Once I got to Ventura from Santa Barbara, I called my old childhood friend Debra Dralle in Woodland Hills in north LA. I was in luck. I had stayed with Debra on my GRID trip two years back, so she and her husband Richard weren't surprised to see me arrive the next day on a fully loaded bike. Getting to Woodland Hills from Ventura presented a small challenge - such as the Santa Monica Mountains. It was raining, and I was challenged by the climbing, so I didn't notice the clues I was passing through the Woolsey Fire area. Fast moving and capricious, that fire was one of many that has turned life on its head. Much has been written about the intensifying and record breaking fire seasons in the American and Canadians wests. Here's one example. Of course, climate scientists tell us this is only the beginning. Record droughts, warmer temperatures, longer fire seasons, and encroaching development are the new normal, which isn't going to be normal at all. There's no normalizing the future when it comes to climate.
Fortunately, I had a chance to rectify my poor observations the next day when Debra drove me back to the Paramount Ranch, which - sadly - had burned to the ground in November of 2018. As we drove, I asked Debra if she knew of climate deniers living in the area. She said no; in fact, her view is that southern Californians are united around climate change - the fires of the past several years have diminished any doubts.
What will our "pain point" be? Because climate change is as real as the sun, the shoe will drop on climate denial at some point, and we will finally unite in our understanding of what we are up against. But how many people will die first, how much degradation will we endure, how crippled will our economy have to become? Hopefully sooner, rather than later, Americans will say, "enough is enough", and put their shoulders to the wheel of change in a serious way, joining the many other countries attempting to transition their own economies. Some days that seems a long way off - especially as I cycle through the desert near the Salton Sea in January. But there's nowhere to hide. Check this out.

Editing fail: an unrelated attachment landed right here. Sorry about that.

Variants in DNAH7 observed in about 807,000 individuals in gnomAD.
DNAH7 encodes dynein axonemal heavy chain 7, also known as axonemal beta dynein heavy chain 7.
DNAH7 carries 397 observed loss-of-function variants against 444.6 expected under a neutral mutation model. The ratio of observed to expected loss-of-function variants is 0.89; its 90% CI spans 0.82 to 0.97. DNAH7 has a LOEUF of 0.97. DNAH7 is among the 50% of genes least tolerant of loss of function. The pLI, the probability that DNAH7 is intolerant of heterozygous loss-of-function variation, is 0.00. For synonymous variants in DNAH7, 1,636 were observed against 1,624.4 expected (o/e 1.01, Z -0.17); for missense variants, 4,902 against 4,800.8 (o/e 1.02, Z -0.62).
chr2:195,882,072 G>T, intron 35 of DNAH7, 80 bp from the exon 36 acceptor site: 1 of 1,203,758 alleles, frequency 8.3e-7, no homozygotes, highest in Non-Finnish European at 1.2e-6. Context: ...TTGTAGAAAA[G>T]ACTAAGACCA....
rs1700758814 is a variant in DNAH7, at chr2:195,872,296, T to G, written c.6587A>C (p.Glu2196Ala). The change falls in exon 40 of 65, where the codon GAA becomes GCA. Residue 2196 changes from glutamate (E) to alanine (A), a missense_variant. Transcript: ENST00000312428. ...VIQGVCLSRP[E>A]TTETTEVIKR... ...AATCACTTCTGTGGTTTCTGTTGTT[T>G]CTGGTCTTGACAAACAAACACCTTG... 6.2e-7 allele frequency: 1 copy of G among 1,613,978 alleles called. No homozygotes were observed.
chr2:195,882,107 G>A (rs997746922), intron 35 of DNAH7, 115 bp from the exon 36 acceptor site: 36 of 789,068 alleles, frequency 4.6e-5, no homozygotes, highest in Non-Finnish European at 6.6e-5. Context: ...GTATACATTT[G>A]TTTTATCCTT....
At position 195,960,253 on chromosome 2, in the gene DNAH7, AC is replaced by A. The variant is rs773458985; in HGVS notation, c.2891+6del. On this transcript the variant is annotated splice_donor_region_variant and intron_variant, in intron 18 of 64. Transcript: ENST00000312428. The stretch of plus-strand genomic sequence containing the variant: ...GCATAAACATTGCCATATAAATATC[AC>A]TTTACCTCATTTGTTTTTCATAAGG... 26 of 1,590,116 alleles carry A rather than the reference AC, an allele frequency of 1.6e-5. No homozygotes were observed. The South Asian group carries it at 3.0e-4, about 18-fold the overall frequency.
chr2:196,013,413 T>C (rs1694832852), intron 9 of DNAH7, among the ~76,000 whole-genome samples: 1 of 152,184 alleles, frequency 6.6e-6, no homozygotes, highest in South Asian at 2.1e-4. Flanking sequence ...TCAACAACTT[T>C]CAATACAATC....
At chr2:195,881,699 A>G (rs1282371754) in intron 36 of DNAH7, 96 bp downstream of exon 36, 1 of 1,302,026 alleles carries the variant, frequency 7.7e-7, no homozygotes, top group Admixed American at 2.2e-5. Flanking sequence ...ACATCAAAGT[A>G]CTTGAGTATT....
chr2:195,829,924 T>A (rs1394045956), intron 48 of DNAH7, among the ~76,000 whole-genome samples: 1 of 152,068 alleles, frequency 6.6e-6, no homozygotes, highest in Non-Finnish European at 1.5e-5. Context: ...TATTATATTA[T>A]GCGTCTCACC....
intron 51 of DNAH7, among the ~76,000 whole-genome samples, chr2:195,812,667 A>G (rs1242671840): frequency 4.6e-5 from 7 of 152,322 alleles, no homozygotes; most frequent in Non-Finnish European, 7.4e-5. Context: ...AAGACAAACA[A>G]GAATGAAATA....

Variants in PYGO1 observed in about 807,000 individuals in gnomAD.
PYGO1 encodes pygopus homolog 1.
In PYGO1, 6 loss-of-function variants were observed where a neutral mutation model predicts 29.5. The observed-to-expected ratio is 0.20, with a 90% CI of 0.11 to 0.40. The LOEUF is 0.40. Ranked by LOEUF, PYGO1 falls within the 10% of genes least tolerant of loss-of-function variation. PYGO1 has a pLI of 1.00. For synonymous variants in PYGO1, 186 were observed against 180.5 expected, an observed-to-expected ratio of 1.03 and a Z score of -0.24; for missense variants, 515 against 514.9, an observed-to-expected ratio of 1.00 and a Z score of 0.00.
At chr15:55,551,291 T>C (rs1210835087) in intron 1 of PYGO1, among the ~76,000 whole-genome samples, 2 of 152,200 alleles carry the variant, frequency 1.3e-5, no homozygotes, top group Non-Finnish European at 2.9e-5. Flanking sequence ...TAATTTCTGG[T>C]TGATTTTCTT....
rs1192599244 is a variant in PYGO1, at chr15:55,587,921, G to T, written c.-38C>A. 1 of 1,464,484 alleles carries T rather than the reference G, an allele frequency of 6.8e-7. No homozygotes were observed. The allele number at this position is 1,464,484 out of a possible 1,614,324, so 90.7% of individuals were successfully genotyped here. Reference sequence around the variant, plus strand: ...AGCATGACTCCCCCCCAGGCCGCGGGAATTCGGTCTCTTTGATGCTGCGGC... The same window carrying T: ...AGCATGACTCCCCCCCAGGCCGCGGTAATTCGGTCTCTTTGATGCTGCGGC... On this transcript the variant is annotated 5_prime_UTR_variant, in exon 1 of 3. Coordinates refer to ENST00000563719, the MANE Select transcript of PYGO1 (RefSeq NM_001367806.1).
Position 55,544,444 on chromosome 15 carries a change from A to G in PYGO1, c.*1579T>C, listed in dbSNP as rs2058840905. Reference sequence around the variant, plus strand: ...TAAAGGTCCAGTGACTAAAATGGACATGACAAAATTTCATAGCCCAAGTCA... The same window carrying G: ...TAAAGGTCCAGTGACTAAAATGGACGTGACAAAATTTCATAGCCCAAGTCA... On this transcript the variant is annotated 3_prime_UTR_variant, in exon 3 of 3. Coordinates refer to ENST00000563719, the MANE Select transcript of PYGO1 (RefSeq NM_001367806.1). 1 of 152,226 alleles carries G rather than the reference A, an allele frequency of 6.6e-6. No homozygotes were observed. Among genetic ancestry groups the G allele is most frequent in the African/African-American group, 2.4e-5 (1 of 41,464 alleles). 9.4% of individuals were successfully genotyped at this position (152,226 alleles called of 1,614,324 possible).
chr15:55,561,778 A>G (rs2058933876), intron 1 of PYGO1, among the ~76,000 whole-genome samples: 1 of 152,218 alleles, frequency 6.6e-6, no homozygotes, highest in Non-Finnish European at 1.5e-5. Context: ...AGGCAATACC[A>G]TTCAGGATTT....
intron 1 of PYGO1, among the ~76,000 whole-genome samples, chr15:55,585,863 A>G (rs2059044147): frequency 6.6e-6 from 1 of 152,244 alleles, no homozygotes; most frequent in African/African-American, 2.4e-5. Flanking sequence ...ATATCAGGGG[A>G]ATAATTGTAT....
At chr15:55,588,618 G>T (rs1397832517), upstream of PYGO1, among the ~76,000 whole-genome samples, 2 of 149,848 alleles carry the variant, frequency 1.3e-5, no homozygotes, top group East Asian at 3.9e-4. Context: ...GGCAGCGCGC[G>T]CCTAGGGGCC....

Some days there is progress. I've written in many previous posts about the Citizens Climate Lobby, but I have not yet mentioned that CCL has helped two carbon dividend bills become introduced in Congress. Here is the House Bill, and here is the Senate Bill. Please check them out. If you find these thoughtful bipartisan climate bills hopeful, let your Representative and Senator know you support them. We know that politicians respond to popular will, so we must make it clear to policy makers that we expect them to be effective leaders on climate.
This is no small task, as we all know. The world's largest economy (ours) is dominated by policies favoring corporate interests and rich corporate-bought climate deniers who are outside mainstream thought, and insulated from extreme climate events. Imagine what this must feel like in smaller countries.
I have some adventurer friends, Ken and Fi Morton, who wrote the following in an email to me:
"Interestingly, we are in Ecuador right now where everyone acknowledges climate change as an obvious event, and not a divisive partisan issue, where private industry and gov't are investing in "clean" infrastructure like solar, and electric/LPG public transport. Also, sadly, is the realization that it, like most developing countries, they are powerless to slow or curb global climate change, as despite all efforts, the world's biggest economies will dictate how climate change plays out... which doesn't give one cause for optimism, currently."
There's so much to do. And I think the most important thing of all is not to capitulate to dispair or cynicism, no matter how large the obstacles seem. We've proved the resiliency of our species over and over. Yes, we may be entering the greatest challenge we've ever faced, because none before now has required no less than global economic transformation. Clearly this is no time for "me first, or us first" policies. Let's screw our collective heads back on straight and meet this historical moment with clarity and resolve.
For those of you who like the Garmin maps, here are the past four days of riding:
More to come.
All photos, unless credited or otherwise noted, are copyrighted property of the blog post author.